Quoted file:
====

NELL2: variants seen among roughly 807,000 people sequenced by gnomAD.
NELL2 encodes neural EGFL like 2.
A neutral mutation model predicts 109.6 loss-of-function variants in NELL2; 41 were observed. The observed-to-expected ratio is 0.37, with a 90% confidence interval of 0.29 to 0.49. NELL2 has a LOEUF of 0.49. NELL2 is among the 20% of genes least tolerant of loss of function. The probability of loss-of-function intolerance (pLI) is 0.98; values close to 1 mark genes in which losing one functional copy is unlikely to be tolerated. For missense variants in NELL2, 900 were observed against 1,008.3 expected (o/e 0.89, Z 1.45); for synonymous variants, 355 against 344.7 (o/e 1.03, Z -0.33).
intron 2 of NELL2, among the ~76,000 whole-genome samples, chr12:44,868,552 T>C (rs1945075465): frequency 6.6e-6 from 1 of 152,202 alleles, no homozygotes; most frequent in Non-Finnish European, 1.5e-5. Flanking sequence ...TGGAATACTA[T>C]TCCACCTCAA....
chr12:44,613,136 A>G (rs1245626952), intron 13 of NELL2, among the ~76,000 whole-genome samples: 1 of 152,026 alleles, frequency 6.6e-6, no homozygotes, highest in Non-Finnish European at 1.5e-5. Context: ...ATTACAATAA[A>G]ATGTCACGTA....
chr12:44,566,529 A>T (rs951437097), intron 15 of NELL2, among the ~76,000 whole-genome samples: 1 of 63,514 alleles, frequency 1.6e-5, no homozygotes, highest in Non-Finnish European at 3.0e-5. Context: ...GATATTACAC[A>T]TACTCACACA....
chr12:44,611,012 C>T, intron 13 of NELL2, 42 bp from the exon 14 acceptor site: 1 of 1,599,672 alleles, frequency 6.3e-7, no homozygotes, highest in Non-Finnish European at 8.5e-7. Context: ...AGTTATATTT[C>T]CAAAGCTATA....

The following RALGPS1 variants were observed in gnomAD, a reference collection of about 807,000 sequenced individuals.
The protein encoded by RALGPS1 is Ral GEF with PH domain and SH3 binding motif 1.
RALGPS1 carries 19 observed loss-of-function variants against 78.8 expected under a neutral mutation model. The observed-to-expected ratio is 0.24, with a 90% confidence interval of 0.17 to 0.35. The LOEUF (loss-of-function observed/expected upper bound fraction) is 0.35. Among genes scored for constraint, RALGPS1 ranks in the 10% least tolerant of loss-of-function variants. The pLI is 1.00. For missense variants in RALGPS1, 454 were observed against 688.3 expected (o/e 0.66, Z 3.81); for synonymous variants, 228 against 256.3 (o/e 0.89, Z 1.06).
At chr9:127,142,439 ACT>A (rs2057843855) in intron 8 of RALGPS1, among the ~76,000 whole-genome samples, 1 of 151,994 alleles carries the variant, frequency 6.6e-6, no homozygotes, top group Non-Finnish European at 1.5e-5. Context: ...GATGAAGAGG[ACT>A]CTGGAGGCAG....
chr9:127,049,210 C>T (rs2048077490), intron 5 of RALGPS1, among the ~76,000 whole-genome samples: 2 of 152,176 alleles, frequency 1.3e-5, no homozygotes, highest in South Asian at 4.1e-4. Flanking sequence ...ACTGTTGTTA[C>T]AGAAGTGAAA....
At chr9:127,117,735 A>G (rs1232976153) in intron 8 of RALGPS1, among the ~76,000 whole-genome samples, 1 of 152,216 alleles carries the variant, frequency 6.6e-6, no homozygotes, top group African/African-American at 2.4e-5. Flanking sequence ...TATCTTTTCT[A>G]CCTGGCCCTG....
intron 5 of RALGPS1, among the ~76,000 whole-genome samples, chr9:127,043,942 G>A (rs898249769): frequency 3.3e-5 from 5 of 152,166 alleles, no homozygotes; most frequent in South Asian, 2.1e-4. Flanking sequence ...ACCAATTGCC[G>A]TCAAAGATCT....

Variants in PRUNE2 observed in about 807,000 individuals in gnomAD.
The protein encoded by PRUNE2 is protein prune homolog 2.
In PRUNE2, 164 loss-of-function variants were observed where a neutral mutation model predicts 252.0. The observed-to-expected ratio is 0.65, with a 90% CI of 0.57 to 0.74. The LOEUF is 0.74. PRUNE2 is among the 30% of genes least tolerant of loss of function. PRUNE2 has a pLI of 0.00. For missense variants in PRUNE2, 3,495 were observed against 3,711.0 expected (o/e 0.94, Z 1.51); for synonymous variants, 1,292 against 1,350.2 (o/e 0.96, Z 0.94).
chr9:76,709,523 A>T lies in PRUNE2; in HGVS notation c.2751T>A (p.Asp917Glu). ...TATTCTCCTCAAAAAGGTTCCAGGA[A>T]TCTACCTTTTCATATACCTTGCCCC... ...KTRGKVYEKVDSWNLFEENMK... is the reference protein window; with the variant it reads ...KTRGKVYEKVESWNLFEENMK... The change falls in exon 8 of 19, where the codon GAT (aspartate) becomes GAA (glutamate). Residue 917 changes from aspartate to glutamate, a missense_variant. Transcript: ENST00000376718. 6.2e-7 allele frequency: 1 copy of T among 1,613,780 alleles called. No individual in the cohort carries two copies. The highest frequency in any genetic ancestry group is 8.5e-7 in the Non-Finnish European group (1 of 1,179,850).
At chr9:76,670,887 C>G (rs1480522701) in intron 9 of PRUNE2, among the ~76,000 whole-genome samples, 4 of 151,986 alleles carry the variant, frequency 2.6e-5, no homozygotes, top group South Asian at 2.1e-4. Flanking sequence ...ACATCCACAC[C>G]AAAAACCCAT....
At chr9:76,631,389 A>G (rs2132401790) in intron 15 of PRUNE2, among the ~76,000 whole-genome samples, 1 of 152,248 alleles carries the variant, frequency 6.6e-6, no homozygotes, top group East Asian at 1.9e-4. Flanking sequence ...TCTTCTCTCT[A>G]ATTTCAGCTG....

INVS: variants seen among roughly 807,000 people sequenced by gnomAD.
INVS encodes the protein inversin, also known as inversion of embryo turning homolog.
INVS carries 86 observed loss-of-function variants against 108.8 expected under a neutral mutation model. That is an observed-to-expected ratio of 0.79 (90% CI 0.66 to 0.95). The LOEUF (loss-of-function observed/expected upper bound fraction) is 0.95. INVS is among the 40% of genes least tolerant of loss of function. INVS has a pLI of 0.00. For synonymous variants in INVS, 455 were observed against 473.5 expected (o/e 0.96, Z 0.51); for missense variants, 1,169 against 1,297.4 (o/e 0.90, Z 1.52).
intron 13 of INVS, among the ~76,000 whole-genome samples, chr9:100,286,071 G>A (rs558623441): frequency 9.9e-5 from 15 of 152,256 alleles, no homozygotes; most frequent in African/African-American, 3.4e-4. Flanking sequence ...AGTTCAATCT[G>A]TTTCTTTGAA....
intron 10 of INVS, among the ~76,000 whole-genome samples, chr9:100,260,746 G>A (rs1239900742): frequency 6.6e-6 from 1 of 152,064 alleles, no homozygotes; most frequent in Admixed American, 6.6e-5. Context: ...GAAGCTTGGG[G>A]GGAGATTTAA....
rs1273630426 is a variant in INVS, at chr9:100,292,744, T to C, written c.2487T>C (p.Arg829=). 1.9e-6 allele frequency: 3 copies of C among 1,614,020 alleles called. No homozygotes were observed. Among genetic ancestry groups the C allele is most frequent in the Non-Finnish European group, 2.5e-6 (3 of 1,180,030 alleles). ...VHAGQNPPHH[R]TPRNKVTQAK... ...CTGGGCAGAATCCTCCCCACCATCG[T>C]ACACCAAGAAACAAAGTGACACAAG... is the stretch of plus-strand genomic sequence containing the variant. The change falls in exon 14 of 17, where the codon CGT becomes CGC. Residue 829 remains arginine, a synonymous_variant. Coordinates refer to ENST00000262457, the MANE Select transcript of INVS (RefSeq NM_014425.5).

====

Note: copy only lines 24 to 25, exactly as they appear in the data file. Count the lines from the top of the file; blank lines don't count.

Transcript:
intron 13 of INVS, among the ~76,000 whole-genome samples, chr9:100,286,071 G>A (rs558623441): frequency 9.9e-5 from 15 of 152,256 alleles, no homozygotes; most frequent in African/African-American, 3.4e-4. Flanking sequence ...AGTTCAATCT[G>A]TTTCTTTGAA....
intron 10 of INVS, among the ~76,000 whole-genome samples, chr9:100,260,746 G>A (rs1239900742): frequency 6.6e-6 from 1 of 152,064 alleles, no homozygotes; most frequent in Admixed American, 6.6e-5. Context: ...GAAGCTTGGG[G>A]GGAGATTTAA....